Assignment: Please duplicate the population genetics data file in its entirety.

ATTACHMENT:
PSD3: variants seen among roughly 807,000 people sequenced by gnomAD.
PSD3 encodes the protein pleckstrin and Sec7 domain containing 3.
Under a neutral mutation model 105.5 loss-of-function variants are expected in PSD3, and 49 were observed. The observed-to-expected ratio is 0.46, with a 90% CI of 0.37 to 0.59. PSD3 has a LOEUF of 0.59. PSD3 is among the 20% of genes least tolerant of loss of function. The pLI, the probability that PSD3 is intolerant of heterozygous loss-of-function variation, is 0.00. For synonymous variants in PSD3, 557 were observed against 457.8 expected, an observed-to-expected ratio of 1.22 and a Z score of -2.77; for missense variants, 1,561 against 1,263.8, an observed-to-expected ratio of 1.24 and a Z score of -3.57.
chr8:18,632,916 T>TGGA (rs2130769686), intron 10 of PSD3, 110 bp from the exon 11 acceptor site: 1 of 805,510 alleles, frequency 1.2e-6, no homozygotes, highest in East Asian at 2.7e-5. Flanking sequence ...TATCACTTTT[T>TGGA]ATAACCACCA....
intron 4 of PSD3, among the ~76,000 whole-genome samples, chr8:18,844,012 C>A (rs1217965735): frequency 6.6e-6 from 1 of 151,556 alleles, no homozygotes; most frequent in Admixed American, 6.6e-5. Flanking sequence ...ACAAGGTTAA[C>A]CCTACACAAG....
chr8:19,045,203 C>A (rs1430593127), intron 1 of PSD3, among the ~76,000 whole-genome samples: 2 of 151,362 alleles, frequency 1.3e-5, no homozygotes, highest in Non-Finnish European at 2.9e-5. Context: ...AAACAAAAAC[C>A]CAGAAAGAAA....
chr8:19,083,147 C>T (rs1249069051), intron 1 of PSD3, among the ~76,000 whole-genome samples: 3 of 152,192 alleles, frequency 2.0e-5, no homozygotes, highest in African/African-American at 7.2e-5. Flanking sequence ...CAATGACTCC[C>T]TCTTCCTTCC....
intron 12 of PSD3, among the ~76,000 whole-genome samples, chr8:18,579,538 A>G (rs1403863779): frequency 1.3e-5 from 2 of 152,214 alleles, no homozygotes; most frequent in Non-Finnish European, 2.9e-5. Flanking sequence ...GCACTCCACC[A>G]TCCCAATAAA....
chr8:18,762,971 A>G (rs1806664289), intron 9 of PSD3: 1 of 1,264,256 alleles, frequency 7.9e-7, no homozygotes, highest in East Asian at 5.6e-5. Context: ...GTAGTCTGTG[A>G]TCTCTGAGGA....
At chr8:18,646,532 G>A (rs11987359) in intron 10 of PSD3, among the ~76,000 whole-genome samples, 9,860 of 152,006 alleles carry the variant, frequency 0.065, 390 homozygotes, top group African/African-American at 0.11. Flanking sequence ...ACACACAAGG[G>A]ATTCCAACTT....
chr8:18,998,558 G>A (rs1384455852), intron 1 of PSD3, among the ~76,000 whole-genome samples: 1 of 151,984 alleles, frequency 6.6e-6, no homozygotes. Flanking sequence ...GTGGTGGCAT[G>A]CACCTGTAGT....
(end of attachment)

PSD3: variants seen among roughly 807,000 people sequenced by gnomAD.
PSD3 encodes the protein pleckstrin and Sec7 domain containing 3.
Under a neutral mutation model 105.5 loss-of-function variants are expected in PSD3, and 49 were observed. The observed-to-expected ratio is 0.46, with a 90% CI of 0.37 to 0.59. PSD3 has a LOEUF of 0.59. PSD3 is among the 20% of genes least tolerant of loss of function. The pLI, the probability that PSD3 is intolerant of heterozygous loss-of-function variation, is 0.00. For synonymous variants in PSD3, 557 were observed against 457.8 expected, an observed-to-expected ratio of 1.22 and a Z score of -2.77; for missense variants, 1,561 against 1,263.8, an observed-to-expected ratio of 1.24 and a Z score of -3.57.
chr8:18,632,916 T>TGGA (rs2130769686), intron 10 of PSD3, 110 bp from the exon 11 acceptor site: 1 of 805,510 alleles, frequency 1.2e-6, no homozygotes, highest in East Asian at 2.7e-5. Flanking sequence ...TATCACTTTT[T>TGGA]ATAACCACCA....
intron 4 of PSD3, among the ~76,000 whole-genome samples, chr8:18,844,012 C>A (rs1217965735): frequency 6.6e-6 from 1 of 151,556 alleles, no homozygotes; most frequent in Admixed American, 6.6e-5. Flanking sequence ...ACAAGGTTAA[C>A]CCTACACAAG....
chr8:19,045,203 C>A (rs1430593127), intron 1 of PSD3, among the ~76,000 whole-genome samples: 2 of 151,362 alleles, frequency 1.3e-5, no homozygotes, highest in Non-Finnish European at 2.9e-5. Context: ...AAACAAAAAC[C>A]CAGAAAGAAA....
chr8:19,083,147 C>T (rs1249069051), intron 1 of PSD3, among the ~76,000 whole-genome samples: 3 of 152,192 alleles, frequency 2.0e-5, no homozygotes, highest in African/African-American at 7.2e-5. Flanking sequence ...CAATGACTCC[C>T]TCTTCCTTCC....
intron 12 of PSD3, among the ~76,000 whole-genome samples, chr8:18,579,538 A>G (rs1403863779): frequency 1.3e-5 from 2 of 152,214 alleles, no homozygotes; most frequent in Non-Finnish European, 2.9e-5. Flanking sequence ...GCACTCCACC[A>G]TCCCAATAAA....
chr8:18,762,971 A>G (rs1806664289), intron 9 of PSD3: 1 of 1,264,256 alleles, frequency 7.9e-7, no homozygotes, highest in East Asian at 5.6e-5. Context: ...GTAGTCTGTG[A>G]TCTCTGAGGA....
At chr8:18,646,532 G>A (rs11987359) in intron 10 of PSD3, among the ~76,000 whole-genome samples, 9,860 of 152,006 alleles carry the variant, frequency 0.065, 390 homozygotes, top group African/African-American at 0.11. Flanking sequence ...ACACACAAGG[G>A]ATTCCAACTT....
chr8:18,998,558 G>A (rs1384455852), intron 1 of PSD3, among the ~76,000 whole-genome samples: 1 of 151,984 alleles, frequency 6.6e-6, no homozygotes. Flanking sequence ...GTGGTGGCAT[G>A]CACCTGTAGT....